Study Finds Parents Maintain Trust in Librarians Despite National Effort to Prohibit Books

Despite a national wave of book bans and censorship attempts by conservative groups, a recent survey conducted by EveryLibrary Institute and Book Riot has found that parents maintain a high level of trust in librarians.

The survey, titled “Parent Perceptions of Librarianship 2023,” reveals that families from diverse backgrounds and income levels continue to place their trust in public and school librarians, despite ongoing efforts to restrict access to books on America’s racist history and LGBTQ issues. These families value the expertise of librarians in creating safe and engaging learning environments that foster learning and creativity.

In the 2022-23 school year, PEN America, a free speech organization, documented 3,362 cases of book bans. North Carolina stands out as a leader in censorship, with 58 reported book bans between July 2022 and June 2023. The number of book bans by school districts has increased since the start of the academic year.

John Chrastka, the executive director of EveryLibrary Institute, believes that this survey demonstrates how politically motivated book banning and censorship groups are disconnected from the beliefs of most parents and guardians.

“Contrary to the narrative pushed by so-called parent rights groups, parents across America value the role of librarians in our communities and in our children’s education,” said Chrastka. “Pro-censorship groups do not represent the beliefs of the vast majority of parents or guardians when it comes to librarians, reading, education, and civil society.”

The EveryLibrary Institute is a library think tank and professional network that focuses on improving and supporting library funding in the United States and internationally. Book Riot, on the other hand, is the largest independent editorial book site in North America.

Kelly Jensen, an editor at Book Riot, views this survey as an informative tool that provides valuable insights into parental perceptions of libraries.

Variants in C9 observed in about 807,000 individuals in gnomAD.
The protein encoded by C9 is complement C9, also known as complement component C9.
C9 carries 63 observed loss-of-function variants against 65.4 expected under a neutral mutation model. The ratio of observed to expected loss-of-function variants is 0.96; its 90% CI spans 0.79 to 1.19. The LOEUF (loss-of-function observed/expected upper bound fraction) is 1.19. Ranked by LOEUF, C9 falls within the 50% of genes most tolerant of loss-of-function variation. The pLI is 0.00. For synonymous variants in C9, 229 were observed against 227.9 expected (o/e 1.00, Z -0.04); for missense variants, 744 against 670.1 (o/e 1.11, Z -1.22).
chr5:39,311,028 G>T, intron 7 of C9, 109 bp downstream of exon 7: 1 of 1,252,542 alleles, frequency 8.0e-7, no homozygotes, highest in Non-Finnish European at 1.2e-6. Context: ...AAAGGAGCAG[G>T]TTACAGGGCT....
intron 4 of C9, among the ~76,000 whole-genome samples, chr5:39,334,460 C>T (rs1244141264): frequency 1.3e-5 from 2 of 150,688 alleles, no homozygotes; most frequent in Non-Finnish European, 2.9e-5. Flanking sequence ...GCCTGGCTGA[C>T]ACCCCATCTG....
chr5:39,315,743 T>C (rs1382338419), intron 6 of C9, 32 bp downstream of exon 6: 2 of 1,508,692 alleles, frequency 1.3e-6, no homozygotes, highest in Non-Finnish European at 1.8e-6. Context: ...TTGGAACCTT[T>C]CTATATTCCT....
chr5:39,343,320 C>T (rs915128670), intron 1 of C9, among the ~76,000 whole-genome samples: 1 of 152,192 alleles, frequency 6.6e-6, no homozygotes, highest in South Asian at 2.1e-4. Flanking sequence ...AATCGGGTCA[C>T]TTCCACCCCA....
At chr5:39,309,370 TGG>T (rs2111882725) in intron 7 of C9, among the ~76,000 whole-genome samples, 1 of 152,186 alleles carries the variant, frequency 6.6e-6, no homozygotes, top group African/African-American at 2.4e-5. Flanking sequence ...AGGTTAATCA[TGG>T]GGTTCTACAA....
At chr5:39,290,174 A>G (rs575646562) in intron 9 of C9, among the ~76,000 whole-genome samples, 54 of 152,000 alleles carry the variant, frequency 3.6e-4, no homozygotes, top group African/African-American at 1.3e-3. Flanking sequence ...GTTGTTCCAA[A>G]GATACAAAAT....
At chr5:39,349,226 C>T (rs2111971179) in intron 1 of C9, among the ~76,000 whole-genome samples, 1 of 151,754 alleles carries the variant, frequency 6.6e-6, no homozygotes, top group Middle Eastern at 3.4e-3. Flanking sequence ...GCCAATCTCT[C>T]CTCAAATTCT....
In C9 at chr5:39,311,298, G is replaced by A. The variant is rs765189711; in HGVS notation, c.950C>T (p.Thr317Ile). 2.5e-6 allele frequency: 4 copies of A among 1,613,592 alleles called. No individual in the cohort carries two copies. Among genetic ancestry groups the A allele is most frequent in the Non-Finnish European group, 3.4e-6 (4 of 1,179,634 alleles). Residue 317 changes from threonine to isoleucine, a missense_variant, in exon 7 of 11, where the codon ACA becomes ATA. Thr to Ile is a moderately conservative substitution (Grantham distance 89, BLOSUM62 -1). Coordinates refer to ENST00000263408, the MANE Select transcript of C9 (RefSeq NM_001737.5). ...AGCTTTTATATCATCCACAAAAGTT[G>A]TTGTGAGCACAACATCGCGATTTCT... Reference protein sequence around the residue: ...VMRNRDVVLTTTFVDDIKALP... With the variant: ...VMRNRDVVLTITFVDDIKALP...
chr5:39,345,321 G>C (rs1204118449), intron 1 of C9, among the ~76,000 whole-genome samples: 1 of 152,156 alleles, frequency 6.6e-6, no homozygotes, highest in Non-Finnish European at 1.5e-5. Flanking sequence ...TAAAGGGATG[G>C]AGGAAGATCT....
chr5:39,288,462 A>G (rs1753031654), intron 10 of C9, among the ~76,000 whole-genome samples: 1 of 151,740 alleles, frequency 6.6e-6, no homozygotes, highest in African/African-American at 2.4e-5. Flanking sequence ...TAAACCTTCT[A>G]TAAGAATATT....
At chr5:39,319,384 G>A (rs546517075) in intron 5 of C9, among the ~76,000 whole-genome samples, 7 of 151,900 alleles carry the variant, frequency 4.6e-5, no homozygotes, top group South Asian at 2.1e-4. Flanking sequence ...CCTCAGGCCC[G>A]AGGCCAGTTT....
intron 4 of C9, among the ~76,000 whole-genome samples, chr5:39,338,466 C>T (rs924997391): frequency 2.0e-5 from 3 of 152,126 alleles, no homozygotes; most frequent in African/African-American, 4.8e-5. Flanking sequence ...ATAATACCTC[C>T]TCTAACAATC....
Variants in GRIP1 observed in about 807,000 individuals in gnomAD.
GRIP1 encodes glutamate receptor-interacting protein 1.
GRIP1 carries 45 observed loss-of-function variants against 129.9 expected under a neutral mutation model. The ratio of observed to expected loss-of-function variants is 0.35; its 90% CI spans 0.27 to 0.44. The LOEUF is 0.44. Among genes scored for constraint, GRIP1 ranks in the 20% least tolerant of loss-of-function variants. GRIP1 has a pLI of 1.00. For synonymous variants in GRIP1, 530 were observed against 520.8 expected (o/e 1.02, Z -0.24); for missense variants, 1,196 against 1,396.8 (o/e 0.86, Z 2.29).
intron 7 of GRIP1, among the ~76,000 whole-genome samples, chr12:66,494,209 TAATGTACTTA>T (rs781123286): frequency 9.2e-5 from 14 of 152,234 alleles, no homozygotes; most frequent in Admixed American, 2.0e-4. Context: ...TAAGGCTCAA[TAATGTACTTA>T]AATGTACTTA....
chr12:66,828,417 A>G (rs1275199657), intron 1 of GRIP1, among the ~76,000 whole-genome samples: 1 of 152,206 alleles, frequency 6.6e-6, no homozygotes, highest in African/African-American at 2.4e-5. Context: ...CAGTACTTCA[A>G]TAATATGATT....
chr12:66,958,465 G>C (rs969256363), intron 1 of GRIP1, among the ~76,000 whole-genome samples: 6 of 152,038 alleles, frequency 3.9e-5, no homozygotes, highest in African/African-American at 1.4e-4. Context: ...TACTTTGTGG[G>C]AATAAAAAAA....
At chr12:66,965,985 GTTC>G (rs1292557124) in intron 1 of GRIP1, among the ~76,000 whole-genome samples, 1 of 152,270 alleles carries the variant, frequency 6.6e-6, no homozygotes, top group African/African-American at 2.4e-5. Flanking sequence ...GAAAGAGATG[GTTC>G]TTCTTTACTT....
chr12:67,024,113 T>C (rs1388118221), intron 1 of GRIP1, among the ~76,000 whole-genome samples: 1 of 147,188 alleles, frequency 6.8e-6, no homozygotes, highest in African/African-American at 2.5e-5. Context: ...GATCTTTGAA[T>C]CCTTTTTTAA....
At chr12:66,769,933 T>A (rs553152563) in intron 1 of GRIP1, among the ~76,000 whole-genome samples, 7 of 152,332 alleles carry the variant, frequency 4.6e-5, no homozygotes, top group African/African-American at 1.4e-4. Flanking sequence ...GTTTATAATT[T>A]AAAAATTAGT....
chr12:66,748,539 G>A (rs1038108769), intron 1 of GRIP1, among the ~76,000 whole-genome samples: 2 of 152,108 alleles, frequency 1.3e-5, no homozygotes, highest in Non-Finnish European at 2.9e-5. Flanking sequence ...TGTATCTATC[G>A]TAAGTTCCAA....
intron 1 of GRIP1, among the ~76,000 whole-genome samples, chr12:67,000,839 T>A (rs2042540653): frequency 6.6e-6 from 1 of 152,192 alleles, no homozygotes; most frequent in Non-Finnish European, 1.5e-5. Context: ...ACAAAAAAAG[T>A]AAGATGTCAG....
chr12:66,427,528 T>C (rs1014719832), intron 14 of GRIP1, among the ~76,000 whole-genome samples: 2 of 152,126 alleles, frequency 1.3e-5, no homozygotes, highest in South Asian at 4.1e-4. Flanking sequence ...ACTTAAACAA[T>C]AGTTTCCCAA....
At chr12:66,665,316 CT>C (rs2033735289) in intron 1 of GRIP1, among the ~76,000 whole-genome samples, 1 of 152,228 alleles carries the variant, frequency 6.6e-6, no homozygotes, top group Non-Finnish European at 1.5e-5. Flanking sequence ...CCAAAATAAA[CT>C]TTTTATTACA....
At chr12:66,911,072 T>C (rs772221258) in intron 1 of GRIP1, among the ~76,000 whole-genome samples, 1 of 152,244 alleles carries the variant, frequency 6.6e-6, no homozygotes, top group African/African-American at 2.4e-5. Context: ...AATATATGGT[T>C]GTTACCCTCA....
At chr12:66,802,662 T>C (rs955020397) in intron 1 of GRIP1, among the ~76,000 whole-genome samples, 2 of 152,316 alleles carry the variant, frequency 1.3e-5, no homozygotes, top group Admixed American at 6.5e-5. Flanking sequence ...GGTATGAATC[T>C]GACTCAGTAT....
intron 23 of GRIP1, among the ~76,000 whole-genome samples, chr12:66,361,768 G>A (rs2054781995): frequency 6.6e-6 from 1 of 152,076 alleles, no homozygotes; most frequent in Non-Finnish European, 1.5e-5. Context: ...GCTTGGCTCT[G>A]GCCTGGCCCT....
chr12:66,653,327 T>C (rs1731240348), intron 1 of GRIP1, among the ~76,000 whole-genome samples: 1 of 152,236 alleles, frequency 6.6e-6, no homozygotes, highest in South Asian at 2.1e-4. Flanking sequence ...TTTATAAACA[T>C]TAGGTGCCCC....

“These surveys expand our understanding of what libraries are doing right and help us identify areas where we can advocate for a better understanding of the roles libraries play in the lives of the average person,” said Jensen. “We are pleased to see that the majority of parents continue to view the public library as a safe space for their children.”

The surveys conducted by EveryLibrary Institute and Book Riot involved 1,527 parents and guardians with children under 18. The surveys were carried out in October and November 2023.

Here’s a breakdown of the key findings from the surveys:

92 – Percentage of parents, grandparents, and guardians who trust librarians to curate appropriate books and materials

90 – Percentage who are comfortable with allowing their child to choose their own materials

96 – Percentage who feel that their children are safe when they are in the library

83 – Percentage who agree that librarians understand the types of books children enjoy

35 – Percentage who believe that public librarians have a political agenda and feel that they should have one

9 – Percentage who do not believe that librarians have a political agenda but think they should have one

44 – Percentage who do not believe that librarians have a political agenda and feel that they should not have one

85 – Percentage who are satisfied or very satisfied with librarians

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